Brothers, Daedelus and Elphinstone – Out into the big blue

Brothers, Daedelus and Elphinstone  – Out into the big blue
Cracks, overhangs, and chmineys abound on the Brothers
Cracks, overhangs, and chimneys abound on the Brothers

Brothers, Daedelus, and Elphinstone – three of the most iconic Red Sea names on the wish list of many Red Sea divers.

With the Brothers islands and Daedelus reef being roughly a 12-hour cruise from shore, a liveaboard is the only way to get there. In June 2013 I chartered one for a week and went to check the sites out.

The typical route begins with a day at Abu Dabbab followed by an overnight cruise to the Brothers for two days diving, then overnight to Daedelus for two days diving, and an overnight ride to Elphinstone for two dives there on the final day. However, due to strong winds from the north, which we would have had to cruise around to get to the Brothers, we first sailed south to Daedelus after some gentle warm up dives off the coast of Marsa Alam. It was also an opportunity for people to practice inflating a surface marker buoy (aka safety sausage), a useful skill when diving out in the middle of the Red Sea on isolated reefs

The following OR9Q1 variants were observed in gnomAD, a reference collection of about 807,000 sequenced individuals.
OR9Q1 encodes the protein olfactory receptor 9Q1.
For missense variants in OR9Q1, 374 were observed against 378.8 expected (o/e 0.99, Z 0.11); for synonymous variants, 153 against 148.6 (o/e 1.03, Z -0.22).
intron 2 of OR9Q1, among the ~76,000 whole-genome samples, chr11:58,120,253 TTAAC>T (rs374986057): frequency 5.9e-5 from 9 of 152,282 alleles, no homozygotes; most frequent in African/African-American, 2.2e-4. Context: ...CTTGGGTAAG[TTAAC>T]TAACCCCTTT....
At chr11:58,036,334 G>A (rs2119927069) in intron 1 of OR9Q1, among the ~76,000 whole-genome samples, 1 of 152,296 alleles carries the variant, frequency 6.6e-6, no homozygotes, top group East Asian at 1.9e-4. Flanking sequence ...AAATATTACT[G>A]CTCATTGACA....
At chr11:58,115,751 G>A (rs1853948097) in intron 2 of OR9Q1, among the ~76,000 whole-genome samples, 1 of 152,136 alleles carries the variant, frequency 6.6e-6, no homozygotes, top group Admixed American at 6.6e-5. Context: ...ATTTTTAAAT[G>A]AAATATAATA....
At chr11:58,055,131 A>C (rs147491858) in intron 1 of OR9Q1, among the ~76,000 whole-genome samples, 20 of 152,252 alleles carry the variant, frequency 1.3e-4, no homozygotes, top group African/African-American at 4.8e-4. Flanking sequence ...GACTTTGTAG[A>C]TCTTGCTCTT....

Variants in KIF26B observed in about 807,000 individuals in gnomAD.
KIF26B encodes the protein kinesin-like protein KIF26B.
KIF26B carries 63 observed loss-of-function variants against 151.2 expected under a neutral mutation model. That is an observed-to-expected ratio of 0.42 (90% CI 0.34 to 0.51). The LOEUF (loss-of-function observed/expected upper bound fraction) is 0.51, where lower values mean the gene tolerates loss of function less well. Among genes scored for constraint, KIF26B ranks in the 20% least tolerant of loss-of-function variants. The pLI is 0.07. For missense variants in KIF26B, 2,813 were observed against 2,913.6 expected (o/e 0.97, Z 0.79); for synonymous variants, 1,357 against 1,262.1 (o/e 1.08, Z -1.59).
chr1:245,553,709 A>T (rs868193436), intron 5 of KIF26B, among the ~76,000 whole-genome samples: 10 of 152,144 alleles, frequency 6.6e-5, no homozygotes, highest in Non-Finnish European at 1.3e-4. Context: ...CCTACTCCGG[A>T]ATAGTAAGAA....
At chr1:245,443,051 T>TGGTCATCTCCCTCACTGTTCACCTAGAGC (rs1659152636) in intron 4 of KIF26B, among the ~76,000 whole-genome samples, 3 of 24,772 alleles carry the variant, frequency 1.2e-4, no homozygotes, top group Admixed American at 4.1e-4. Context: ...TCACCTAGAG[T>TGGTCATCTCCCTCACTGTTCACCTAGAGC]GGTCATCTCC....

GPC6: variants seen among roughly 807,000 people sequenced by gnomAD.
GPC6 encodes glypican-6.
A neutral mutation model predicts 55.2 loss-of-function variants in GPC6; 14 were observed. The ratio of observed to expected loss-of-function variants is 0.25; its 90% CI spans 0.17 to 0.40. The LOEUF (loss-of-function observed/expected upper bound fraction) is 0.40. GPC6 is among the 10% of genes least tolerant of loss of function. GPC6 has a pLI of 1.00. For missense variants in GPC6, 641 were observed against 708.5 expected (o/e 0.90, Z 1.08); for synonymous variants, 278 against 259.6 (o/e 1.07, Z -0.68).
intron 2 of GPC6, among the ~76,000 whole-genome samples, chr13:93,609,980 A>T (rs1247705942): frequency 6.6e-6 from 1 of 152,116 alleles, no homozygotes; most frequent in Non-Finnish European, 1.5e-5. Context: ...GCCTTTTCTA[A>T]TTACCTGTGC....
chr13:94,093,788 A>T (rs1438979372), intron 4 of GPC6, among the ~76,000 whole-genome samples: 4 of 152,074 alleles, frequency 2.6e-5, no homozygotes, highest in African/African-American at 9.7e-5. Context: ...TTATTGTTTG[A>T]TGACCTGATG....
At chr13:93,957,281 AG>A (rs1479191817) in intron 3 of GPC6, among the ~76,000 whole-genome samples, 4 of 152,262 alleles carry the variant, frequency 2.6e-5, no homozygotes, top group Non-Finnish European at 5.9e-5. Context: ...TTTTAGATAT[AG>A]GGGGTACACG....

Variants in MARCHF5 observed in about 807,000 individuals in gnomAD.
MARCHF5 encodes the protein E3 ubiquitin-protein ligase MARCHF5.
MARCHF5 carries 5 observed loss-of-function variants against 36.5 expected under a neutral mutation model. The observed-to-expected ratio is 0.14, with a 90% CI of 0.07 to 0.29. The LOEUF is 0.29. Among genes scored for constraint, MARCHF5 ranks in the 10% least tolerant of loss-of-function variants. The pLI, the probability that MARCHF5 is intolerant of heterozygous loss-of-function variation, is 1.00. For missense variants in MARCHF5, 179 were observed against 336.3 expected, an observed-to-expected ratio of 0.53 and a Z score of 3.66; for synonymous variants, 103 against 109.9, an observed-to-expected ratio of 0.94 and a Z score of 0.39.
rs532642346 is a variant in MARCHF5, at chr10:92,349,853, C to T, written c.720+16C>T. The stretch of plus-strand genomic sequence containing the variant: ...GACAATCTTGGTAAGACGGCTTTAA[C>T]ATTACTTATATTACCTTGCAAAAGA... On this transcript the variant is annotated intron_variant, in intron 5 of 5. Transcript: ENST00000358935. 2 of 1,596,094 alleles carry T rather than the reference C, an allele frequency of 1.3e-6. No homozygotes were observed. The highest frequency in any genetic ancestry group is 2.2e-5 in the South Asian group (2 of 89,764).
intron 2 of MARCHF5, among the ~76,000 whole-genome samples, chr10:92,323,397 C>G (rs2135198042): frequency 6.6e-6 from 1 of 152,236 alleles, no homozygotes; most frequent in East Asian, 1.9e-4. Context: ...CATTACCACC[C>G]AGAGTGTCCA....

Colourful Nudibranch
Colourful Nudibranch

I was giving a photography workshop to some of the divers and some shallow, gentle dives were ideal for re-familiarization with the cameras’ functions and settings on colourful reef fish and a few blue-spotted rays. The change of routing suited me too, as I spent a week diving just the Brothers in 2010, and knew what we would be getting. Whereas the Daedelus and Elphinstone legs of the trip were unknown entities, aside from our expectations of seeing some sharks.